QUICK CLICKS> Maps, Lots, Pavilion, Theater, Unplugged

Daily Clicks
Friday, March 25, 2011
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One of the deconstructed maps in photographer John Mann's work.

Aspirational Geographic. A recent trip to Appalachia didn’t satiate photographer John Mann‘s wanderlust. He continued his travels via cutting and sculpting maps into three dimensional forms then photographing them through a narrow depth of field. Design Observer runs the nifty slide show.

Priority Parking. Developers of Philly’s 1 million square foot Pennsylvania Convention Center touted their greenness by providing minimal  parking; the argument was it would encourage the use of public transportation. Now PlanPhilly says the city council has approved a 530-space garage to rise across the street. So much for synergy. Just north in Newark, they’re having the opposite problem: they want to lose parking lots. Newark’s Star-Ledger reports that March Madness at the Prudential Center won’t hide downtown’s glum outlook: nine parking lots surrounding the arena are still awaiting development.

D.C. Detail. WSJ Magazine explores the oft-overlooked Philip Johnson Pavilion at Dumbarton Oaks where the curvaceous facade slinks knowingly beside the Beatrix Farrand-designed gardens.

Parisian Pulse. Théâtre de la Gaîté Lyrique ain’t your everyday gallery-cum-theater space. The Guardian writes that this “theater for the digital arts” has given its stately old facade a swank makeover aimed at the 15 to 35-year old theater goer.

Sustainable Sound. WBUR spotlights a Boston band that found a way to make music that’s off-the-charts and off-the-grid. Generators hooked up to human-propelled bike peddles provide energy for electric guitars, plus a very John Cage-ish backdrop to the music making.

QUICK CLICKS> Cemeteries, Conventions, Buyers, Oysters

Daily Clicks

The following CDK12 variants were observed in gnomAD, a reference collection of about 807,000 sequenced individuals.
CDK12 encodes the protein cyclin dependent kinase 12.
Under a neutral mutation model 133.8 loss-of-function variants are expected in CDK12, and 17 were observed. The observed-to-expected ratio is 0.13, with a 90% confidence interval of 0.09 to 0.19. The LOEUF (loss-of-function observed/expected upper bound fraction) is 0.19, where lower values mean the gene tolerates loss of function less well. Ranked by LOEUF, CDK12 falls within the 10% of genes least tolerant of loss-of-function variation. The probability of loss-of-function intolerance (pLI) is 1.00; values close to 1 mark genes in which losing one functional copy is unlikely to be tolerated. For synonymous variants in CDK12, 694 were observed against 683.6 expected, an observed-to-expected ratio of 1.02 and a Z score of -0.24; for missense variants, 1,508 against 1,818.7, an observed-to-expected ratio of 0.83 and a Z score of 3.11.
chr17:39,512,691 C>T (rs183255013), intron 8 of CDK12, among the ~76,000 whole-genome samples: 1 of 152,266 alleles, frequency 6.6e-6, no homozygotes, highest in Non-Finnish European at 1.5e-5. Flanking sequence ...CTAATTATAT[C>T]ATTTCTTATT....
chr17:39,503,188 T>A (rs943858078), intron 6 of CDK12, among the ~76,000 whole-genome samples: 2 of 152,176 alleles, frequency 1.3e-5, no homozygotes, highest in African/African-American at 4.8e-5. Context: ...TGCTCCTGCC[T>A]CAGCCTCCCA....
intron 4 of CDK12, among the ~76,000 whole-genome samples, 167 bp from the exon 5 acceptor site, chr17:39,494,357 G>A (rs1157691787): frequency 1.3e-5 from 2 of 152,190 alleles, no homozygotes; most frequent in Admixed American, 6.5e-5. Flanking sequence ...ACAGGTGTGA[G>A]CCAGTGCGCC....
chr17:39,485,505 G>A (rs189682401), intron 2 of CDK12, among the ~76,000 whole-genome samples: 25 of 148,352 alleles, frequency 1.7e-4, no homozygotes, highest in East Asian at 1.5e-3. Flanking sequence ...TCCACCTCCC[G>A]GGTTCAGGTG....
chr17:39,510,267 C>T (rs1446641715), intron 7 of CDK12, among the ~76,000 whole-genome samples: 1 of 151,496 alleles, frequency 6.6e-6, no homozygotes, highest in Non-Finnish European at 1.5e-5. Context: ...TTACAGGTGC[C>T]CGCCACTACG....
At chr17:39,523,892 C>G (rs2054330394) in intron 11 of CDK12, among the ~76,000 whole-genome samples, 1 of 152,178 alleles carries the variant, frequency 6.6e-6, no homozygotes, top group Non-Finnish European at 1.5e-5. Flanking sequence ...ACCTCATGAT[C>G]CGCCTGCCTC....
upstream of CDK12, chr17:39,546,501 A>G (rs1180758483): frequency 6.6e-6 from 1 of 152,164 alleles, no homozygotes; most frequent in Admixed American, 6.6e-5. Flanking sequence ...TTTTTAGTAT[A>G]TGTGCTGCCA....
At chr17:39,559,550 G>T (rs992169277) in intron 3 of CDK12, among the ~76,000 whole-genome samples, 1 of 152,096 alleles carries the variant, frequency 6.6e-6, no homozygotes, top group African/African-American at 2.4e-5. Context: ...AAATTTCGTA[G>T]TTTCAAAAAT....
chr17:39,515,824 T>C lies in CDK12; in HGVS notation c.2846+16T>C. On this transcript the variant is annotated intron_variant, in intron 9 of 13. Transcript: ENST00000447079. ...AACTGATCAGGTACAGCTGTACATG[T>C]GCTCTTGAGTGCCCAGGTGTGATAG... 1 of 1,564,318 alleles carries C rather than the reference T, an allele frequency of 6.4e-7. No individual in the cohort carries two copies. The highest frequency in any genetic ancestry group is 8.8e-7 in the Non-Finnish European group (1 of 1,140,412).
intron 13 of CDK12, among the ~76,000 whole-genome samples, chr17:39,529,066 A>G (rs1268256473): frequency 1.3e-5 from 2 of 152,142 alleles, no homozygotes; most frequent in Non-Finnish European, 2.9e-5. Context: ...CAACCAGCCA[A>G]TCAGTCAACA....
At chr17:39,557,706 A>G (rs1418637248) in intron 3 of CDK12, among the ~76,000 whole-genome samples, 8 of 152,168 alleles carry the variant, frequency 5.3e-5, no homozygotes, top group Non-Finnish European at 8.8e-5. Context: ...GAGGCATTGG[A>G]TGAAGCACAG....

Friday, March 18, 2011
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Full Bloom: Woodlawn Cemeter in the Bronx. (TS/The Architects Newspaper)

In Bloom. Spring has sprung! Time to go to the cemetery! There’s no place like Cambridge’s Mount Auburn, the Bronx’s Woodlawn, Brooklyn’s Greenwood, Philly’s Laurel Hill, or Chicago’s Graceland at the peak of spring. Check out great 19th and 20th century architecture alongside exquisite horticulture in full bloom. Need more convincing? read Rebecca Greenfield‘s interview with Keith Eggener in The Atlantic. Eggener, author of Cemeteries, describes these verdant grounds as America’s first parks .

A Shade of Green. The Philadelphia Inquirer‘s Inga Saffron takes on the very notion of LEED certification with the completion of the city’s massive 20-acre Pennsylvania Convention Center right in the heart of the city. While she gives the Center props for trying, she ultimately finds the silver rating dubious.

Revolving Door. The endless parade of potential buyers that have been sweeping up and down the central stairs of the Chelsea Hotel continues to grow, though the NY Post says that the hotel may finally have found a buyer in the W Hotel magnate David Edelstein.

Shell Shucked. A charming article in The Dirt looks at the history of the humble East Coast oyster and the role it can play in cleaning up polluted waterways if reintroduced.

 

 

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